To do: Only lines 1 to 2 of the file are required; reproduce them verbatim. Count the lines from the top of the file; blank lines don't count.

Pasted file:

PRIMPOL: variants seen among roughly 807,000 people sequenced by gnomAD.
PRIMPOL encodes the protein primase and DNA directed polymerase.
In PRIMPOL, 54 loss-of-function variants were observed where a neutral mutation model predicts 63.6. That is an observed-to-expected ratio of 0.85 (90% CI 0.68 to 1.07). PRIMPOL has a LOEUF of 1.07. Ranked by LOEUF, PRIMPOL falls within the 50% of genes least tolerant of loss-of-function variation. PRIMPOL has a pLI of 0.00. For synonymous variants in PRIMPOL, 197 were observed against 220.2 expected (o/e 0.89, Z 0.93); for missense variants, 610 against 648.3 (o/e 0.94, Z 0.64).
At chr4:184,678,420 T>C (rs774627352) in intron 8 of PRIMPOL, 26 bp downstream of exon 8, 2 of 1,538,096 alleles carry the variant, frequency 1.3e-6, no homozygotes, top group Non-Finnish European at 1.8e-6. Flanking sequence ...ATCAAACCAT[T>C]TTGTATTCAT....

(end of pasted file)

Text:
PRIMPOL: variants seen among roughly 807,000 people sequenced by gnomAD.
PRIMPOL encodes the protein primase and DNA directed polymerase.